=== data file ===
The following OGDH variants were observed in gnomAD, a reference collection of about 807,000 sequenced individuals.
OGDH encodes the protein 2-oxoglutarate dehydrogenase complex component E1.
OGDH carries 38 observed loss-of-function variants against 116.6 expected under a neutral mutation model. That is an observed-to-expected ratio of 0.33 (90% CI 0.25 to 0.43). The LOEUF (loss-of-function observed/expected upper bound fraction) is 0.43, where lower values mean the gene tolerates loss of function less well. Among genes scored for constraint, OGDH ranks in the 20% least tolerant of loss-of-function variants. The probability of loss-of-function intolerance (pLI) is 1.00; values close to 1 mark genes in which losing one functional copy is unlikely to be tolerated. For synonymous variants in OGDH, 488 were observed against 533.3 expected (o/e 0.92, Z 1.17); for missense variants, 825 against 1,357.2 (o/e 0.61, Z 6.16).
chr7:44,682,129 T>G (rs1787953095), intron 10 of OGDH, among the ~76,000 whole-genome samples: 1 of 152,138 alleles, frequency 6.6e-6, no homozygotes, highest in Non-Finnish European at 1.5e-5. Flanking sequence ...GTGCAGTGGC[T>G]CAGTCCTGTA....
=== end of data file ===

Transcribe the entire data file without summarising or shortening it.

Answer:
The following OGDH variants were observed in gnomAD, a reference collection of about 807,000 sequenced individuals.
OGDH encodes the protein 2-oxoglutarate dehydrogenase complex component E1.
OGDH carries 38 observed loss-of-function variants against 116.6 expected under a neutral mutation model. That is an observed-to-expected ratio of 0.33 (90% CI 0.25 to 0.43). The LOEUF (loss-of-function observed/expected upper bound fraction) is 0.43, where lower values mean the gene tolerates loss of function less well. Among genes scored for constraint, OGDH ranks in the 20% least tolerant of loss-of-function variants. The probability of loss-of-function intolerance (pLI) is 1.00; values close to 1 mark genes in which losing one functional copy is unlikely to be tolerated. For synonymous variants in OGDH, 488 were observed against 533.3 expected (o/e 0.92, Z 1.17); for missense variants, 825 against 1,357.2 (o/e 0.61, Z 6.16).
chr7:44,682,129 T>G (rs1787953095), intron 10 of OGDH, among the ~76,000 whole-genome samples: 1 of 152,138 alleles, frequency 6.6e-6, no homozygotes, highest in Non-Finnish European at 1.5e-5. Flanking sequence ...GTGCAGTGGC[T>G]CAGTCCTGTA....